Select “Encrypt used disk space only” if your external drive is new and has never been used on another computer. BitLocker will encrypt a sector on the drive such that new data copied to the drive in the future is automatically encrypted. However, if you encrypt a previously-used drive (even if it’s empty) using this method, someone could gain access to deleted or moved data.
That’s because the BitLocker encryption engine doesn’t recognize sectors containing deleted data as used disk space. Hence, it wouldn’t encrypt such sectors.
If you want to set a password on an external drive that’s already in use, select Encrypt entire drive. That’ll prompt BitLocker to encrypt all the sectors and data on the drive—even files that you deleted.
Note that Used Disk Space encryption is generally faster; it takes a couple of seconds or minutes, depending on how much data is on the drive. Full Disk Encryption, on the other hand, could run for hours before completion.
5. Choose Encryption Mode
Select New encryption mode if you’ll be using the external drive only on your computer, or on devices running Windows 10 (version 1511 or later).
If you’re unsure, or you think you may need to access the drive on devices running older Windows versions, select Compatible mode and proceed.
6. Start Encrypting
BitLocker will start the encryption of the drive when you select the Start encrypting button.
As mentioned earlier, the operation could run into minutes or hours, depending on the size of the drive and data it holds.
Do not remove the drive from your PC without pausing the encryption. Doing so could damage the drive. If you need to urgently use the drive during the encryption process, select Pause and unplug the drive.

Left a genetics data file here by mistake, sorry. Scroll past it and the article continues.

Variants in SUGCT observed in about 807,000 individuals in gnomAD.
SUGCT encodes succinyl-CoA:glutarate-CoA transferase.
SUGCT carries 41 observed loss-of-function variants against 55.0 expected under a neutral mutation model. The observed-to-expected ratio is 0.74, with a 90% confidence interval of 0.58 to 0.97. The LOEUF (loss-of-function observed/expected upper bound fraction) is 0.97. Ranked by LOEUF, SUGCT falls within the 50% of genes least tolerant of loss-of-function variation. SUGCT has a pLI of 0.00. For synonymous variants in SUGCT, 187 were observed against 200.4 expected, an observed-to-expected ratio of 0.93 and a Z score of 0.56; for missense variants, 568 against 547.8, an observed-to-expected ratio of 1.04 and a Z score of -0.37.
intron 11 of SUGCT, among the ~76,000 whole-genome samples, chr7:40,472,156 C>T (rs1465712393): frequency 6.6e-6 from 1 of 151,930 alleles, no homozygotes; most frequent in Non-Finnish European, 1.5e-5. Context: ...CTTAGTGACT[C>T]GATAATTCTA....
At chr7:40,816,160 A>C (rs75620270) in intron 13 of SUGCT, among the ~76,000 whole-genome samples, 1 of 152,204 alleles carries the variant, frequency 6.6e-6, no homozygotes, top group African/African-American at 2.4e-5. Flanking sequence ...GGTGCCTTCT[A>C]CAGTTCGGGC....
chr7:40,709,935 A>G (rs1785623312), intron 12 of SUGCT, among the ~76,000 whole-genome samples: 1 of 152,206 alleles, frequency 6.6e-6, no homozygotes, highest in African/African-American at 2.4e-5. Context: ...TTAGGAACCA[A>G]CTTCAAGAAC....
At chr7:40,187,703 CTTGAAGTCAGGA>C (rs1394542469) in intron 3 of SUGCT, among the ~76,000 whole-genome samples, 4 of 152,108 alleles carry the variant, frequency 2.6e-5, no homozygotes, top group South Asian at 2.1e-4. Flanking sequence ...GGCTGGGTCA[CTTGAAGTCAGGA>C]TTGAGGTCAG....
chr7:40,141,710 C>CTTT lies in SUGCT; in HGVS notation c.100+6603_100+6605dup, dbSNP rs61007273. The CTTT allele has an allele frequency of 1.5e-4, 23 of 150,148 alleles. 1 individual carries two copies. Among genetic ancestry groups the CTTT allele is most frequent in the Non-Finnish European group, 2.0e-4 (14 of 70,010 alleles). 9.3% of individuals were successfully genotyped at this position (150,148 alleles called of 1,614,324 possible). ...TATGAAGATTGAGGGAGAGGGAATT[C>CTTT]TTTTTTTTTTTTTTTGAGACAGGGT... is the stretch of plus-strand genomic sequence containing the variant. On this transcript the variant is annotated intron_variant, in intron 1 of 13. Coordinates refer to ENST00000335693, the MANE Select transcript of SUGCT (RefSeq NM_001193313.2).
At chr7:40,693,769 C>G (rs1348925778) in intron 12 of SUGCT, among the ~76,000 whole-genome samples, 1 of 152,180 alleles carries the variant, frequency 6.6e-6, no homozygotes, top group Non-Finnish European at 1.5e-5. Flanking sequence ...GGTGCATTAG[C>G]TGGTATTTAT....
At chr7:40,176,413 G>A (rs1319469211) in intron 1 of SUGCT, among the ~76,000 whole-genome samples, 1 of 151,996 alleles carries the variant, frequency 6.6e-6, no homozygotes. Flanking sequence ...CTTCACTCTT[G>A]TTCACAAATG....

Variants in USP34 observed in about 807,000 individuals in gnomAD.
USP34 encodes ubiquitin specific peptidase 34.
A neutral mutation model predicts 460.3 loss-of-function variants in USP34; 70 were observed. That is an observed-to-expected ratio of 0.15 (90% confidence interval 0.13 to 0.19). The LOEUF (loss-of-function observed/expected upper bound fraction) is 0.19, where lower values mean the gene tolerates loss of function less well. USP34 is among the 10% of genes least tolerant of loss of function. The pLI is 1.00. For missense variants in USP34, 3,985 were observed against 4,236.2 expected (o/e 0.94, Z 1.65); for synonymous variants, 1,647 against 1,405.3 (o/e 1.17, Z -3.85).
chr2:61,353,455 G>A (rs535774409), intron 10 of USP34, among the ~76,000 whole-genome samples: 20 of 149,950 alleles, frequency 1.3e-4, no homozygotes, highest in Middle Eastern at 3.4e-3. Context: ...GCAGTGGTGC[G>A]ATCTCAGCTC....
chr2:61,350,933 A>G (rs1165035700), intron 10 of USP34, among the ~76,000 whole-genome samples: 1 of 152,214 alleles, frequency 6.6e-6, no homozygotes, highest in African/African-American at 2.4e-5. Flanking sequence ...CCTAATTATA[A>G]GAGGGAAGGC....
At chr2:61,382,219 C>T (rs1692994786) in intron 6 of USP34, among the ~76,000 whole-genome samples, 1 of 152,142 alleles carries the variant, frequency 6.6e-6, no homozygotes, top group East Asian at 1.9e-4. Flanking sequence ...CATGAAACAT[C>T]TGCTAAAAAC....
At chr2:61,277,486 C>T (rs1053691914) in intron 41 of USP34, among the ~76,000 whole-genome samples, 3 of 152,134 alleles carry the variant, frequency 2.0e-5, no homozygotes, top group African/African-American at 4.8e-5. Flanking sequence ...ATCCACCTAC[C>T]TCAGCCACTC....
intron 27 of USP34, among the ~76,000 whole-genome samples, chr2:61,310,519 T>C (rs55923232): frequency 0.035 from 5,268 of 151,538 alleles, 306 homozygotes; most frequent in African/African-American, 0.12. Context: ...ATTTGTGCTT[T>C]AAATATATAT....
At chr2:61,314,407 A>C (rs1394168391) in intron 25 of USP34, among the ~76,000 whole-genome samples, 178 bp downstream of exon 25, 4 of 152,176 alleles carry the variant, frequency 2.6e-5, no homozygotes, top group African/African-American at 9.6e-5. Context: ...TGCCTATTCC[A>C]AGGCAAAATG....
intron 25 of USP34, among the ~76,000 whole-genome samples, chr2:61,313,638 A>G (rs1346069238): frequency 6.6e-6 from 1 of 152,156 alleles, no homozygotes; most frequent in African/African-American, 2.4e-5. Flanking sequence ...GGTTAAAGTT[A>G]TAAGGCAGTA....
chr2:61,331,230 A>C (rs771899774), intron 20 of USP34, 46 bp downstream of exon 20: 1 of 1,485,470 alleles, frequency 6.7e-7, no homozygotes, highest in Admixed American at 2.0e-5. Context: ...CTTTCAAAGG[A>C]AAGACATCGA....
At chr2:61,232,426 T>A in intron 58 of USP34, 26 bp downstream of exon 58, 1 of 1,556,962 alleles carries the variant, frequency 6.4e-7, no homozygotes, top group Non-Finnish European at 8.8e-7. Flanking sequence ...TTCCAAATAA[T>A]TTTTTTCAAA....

Note that your files and the drive aren’t protected until the encryption is complete. Wait until you get an “Encryption complete” success message like the one below.
When you eject the encrypted drive on your PC or try to access it on another PC, a BitLocker window prompting you to enter the drive’s password will appear on the screen.
Encrypt an External Drive on macOS
Setting a password on an external drive on macOS is the easiest thing you may ever have to do. Plug the drive into your Mac and follow these steps:
1. Right-click the drive (check the Locations section) and select Encrypt or Encrypt <Drive Name>.
Note: If the external drive isn’t showing up on your Mac, or the Encrypt option is missing, you may need to format the drive to a file system that macOS supports. Refer to this external hard drive troubleshooting guide to learn more.
2. Enter a password, re-enter the password, and type in a password hint.
Pro Tip: Click the key icon next to the Encryption password dialog box to launch the Encryption Password Assistant. The tool will suggest random passwords or help you create a strong custom password.